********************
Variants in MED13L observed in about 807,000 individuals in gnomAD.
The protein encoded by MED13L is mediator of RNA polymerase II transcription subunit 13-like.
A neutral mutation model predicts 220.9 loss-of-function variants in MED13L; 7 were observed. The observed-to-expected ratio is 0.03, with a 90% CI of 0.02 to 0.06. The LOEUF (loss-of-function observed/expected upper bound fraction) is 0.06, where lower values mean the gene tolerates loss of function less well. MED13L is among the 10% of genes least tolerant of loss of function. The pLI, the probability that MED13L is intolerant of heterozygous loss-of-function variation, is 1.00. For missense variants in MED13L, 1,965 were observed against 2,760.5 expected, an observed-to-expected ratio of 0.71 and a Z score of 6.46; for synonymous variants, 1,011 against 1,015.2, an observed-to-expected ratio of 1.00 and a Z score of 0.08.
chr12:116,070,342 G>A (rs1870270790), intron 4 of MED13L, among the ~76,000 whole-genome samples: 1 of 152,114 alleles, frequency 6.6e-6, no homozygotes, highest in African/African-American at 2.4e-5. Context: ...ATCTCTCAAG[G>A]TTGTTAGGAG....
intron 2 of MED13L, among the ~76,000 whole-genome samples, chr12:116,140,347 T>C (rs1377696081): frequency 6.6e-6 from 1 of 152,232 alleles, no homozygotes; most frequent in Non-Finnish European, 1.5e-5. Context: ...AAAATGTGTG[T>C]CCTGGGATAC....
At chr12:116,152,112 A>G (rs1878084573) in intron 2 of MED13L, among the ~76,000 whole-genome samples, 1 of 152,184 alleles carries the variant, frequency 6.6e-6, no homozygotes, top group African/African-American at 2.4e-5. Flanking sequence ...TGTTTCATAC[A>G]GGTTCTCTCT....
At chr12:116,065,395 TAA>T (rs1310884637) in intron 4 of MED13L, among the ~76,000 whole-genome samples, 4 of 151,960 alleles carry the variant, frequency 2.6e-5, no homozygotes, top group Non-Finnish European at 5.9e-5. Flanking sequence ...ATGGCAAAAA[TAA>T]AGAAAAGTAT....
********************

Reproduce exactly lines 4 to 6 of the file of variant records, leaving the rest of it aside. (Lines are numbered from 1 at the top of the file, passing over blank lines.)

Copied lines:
chr12:116,070,342 G>A (rs1870270790), intron 4 of MED13L, among the ~76,000 whole-genome samples: 1 of 152,114 alleles, frequency 6.6e-6, no homozygotes, highest in African/African-American at 2.4e-5. Context: ...ATCTCTCAAG[G>A]TTGTTAGGAG....
intron 2 of MED13L, among the ~76,000 whole-genome samples, chr12:116,140,347 T>C (rs1377696081): frequency 6.6e-6 from 1 of 152,232 alleles, no homozygotes; most frequent in Non-Finnish European, 1.5e-5. Context: ...AAAATGTGTG[T>C]CCTGGGATAC....
At chr12:116,152,112 A>G (rs1878084573) in intron 2 of MED13L, among the ~76,000 whole-genome samples, 1 of 152,184 alleles carries the variant, frequency 6.6e-6, no homozygotes, top group African/African-American at 2.4e-5. Flanking sequence ...TGTTTCATAC[A>G]GGTTCTCTCT....